Mating and fertilisation, Biology

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Mating and Fertilisation

In all animals sperms are motile and have to move and seek the eggs to fertilise them. For this an aqueous environment is necessary. This need of a liquid medium has led to two basic mating patterns.

1. External fertilisation - mating partners come in close proximity in water and concurrently shed their eggs and sperms in water.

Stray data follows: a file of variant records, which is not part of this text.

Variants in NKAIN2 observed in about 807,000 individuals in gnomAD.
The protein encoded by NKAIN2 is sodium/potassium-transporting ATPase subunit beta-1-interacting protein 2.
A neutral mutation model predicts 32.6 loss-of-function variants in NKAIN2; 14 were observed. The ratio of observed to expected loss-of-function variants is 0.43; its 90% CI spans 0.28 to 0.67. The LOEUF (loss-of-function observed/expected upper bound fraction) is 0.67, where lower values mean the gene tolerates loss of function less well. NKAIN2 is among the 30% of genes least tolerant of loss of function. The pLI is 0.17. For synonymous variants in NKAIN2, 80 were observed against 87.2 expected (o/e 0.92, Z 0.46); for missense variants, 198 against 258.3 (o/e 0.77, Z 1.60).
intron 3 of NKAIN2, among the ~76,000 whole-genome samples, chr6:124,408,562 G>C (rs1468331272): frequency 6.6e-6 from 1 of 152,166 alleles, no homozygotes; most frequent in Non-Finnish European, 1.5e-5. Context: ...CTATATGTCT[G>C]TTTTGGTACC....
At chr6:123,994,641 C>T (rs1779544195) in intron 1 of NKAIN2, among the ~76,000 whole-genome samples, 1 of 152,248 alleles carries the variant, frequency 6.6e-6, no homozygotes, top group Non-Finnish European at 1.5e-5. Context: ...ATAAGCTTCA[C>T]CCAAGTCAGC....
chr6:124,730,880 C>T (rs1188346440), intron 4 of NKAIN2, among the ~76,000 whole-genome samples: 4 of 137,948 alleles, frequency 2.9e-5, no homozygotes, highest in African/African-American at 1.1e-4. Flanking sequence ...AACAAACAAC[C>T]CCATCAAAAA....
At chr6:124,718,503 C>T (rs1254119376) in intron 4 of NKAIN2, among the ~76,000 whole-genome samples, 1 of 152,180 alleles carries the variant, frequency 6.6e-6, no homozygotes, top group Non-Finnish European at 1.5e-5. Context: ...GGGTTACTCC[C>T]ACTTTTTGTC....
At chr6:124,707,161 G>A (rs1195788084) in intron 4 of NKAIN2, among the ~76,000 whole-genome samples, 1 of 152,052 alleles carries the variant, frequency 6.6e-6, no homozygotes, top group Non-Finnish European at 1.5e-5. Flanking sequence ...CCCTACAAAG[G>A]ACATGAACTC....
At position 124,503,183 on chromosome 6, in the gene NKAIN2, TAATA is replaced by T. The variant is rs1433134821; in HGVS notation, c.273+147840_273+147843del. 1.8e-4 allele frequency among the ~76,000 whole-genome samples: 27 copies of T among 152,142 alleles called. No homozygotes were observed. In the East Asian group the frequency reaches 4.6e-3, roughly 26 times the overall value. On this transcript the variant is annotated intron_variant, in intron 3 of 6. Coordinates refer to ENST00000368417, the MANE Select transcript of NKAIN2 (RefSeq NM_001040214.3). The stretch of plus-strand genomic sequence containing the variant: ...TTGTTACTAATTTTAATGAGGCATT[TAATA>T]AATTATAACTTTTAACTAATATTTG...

2 Internal fertilisation - mating partners come into physical contact and copulate, in which the male transfers the sperms directly into the reproductive ducts of the female. The ova coming down the ducts obtain fertilized. Internal fertilisation is characteristic of terrestrial animals, but as well occurs in several aquatic forms. Internal fertilisation usually leads to development of an intromittent organ or penis in the male partner. A range of such copulatory organs are found in non-chordates, such as like dates there are spermathecae for storing sperms received during mating. As the eggs pass down the ducts sperms are released from the spermathaca to feitilise them. Honey bee queen mates just one time when it receives enough sperms to fertilise the many thousands of eggs she is going to lay in 4-5 years of reproductive life.


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